9 Comments

  • Paxton Marshall
    2018-06-23 12:43:29 UTC - 12:43 | Permalink

    The Bible is a collection of the writings of people in a wide variety of situations over perhaps 1000 years. Avalon is certainly right that it is inappropriate to pick out particular texts to support a particular political or moral position, especially to interpret that position as the will of God.

    And yet the Bible is first and foremost an extended moral discussion, and without according it any divine authority, one can recognize the great themes of social justice and mercy being developed by ethical “prophets” from Amos and Hosea, through Paul and the writers of the gospels. We can trace the evolution of a harsh code designed in part to distinguish God’s “chosen people” from the dangerous and despised “others”, into a universal ethical system encompassing gentiles as well as Jews, and consciously defending the weak against the strong and the poor against the rich. It is in this sense that I believe it is still appropriate to seek lessons from the Bible in addressing current political and moral issues. For all the contradictions and anomalies, the teachings of Jesus as conveyed in the gospels do convey s coherent moral message that remains relevant today.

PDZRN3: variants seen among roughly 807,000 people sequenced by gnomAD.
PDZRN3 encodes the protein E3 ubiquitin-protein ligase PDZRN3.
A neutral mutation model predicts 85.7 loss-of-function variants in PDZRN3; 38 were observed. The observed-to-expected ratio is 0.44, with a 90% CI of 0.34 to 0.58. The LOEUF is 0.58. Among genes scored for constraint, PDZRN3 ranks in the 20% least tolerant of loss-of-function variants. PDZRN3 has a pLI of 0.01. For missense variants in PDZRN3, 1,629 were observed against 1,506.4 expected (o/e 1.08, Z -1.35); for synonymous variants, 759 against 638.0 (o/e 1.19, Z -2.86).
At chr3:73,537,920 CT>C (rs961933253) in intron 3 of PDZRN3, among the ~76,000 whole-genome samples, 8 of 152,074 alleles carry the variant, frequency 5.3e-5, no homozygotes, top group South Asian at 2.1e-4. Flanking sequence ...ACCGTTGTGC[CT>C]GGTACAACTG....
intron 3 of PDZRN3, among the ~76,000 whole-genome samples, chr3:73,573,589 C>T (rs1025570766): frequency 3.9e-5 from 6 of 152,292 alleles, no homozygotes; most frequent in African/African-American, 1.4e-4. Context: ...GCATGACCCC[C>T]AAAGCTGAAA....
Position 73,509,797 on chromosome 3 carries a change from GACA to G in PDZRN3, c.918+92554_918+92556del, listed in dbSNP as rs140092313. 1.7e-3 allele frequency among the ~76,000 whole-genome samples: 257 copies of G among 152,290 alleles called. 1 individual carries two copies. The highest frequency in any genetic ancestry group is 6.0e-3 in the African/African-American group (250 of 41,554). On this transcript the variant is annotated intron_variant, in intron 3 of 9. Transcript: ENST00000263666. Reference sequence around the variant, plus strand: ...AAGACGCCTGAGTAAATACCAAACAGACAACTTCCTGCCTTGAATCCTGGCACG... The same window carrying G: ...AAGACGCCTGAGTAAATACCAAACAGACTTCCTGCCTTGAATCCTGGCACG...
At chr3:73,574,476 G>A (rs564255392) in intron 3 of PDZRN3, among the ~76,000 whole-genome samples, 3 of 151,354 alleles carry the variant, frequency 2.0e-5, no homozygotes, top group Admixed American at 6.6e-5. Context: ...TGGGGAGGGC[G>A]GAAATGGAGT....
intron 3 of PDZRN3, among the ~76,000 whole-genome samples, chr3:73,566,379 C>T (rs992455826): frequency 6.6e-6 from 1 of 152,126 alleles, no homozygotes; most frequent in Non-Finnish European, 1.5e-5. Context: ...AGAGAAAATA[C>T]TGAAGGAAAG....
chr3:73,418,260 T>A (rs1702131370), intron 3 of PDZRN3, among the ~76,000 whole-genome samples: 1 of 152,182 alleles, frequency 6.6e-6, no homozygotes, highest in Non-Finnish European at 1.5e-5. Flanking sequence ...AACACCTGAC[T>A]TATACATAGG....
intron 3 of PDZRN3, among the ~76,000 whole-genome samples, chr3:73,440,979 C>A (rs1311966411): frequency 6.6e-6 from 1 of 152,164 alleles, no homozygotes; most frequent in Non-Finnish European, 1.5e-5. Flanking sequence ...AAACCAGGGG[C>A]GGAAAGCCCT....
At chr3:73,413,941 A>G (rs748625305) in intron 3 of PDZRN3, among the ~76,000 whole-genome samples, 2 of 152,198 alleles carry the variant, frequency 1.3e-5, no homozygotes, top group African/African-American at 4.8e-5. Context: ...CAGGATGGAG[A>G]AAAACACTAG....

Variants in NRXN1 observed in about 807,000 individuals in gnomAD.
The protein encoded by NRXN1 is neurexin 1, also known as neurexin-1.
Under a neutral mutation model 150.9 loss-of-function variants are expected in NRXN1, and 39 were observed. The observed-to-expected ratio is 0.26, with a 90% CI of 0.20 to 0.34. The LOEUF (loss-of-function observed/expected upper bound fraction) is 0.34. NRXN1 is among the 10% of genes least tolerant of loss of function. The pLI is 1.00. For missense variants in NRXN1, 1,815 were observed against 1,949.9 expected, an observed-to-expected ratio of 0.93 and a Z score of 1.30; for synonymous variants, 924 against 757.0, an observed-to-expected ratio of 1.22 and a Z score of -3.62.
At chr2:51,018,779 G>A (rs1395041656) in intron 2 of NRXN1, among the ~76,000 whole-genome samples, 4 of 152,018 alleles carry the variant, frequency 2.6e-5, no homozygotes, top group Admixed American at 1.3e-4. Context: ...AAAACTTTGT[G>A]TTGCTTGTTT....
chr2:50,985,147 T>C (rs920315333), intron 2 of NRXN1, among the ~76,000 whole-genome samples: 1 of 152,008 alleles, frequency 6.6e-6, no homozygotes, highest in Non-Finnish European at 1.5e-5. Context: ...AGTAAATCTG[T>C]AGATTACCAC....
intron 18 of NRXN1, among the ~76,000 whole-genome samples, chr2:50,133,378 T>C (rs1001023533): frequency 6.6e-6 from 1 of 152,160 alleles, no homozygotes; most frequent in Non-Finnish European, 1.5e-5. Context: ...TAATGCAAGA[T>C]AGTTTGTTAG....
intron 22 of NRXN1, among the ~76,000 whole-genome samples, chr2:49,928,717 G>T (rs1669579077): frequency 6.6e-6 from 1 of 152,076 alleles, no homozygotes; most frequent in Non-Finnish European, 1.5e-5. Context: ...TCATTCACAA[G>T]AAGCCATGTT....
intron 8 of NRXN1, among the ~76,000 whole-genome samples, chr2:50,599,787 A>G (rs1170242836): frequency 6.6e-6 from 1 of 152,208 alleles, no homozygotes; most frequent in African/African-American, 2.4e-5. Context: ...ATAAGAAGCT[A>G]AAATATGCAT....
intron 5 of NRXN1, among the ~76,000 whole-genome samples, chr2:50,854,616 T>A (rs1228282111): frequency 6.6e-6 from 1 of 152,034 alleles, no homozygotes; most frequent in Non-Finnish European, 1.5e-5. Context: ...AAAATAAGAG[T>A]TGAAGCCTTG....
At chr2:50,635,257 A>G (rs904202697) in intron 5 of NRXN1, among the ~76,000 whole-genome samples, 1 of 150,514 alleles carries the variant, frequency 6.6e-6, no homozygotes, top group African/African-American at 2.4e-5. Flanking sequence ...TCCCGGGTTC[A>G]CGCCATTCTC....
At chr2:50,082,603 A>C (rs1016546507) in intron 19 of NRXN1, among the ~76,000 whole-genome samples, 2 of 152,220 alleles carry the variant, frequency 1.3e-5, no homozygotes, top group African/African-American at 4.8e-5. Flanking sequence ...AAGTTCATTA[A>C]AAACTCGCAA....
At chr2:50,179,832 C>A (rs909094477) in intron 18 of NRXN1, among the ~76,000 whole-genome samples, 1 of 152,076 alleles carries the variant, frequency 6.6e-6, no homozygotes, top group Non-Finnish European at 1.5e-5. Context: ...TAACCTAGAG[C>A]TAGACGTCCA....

• Neil Godfrey
      2018-06-24 08:17:30 UTC - 08:17 | Permalink

      Check out Avalos’s article. Certainly, the themes you have presented are very much part of the cultural cache of our Christian heritage. But Avalos cites numerous other sections of the Bible and scholarly interpretations of them that demonstrate there is a lot of racial and religious prejudice detrimental to “the other” throughout, too – even in the words of Jesus as per the gospels. Have a look at his article/revised chapter.

      • Paxton Marshall
        2018-06-24 11:35:35 UTC - 11:35 | Permalink

        I did read it before I commented. I agree that the Bible is full of racial and religious prejudice. But isn’t such prejudice against the “other” universal, and probably deeply evolved in our genes, due to the survival value of in group loyalty? In the Bible, we can trace a cultural evolution toward a more universal concept of moral obligations. The cultural overlay remains weak and liable to be overcome by primitive instincts, especially in times of stress and danger. But it is because of such moral reasoning (and I’m not claiming any exclusivity for the Bible in this respect) that we have made some steps toward such things as abolishing slavery, enhancing the status of women, developing the concept of equal rights under the law, and adopting codes of human rights.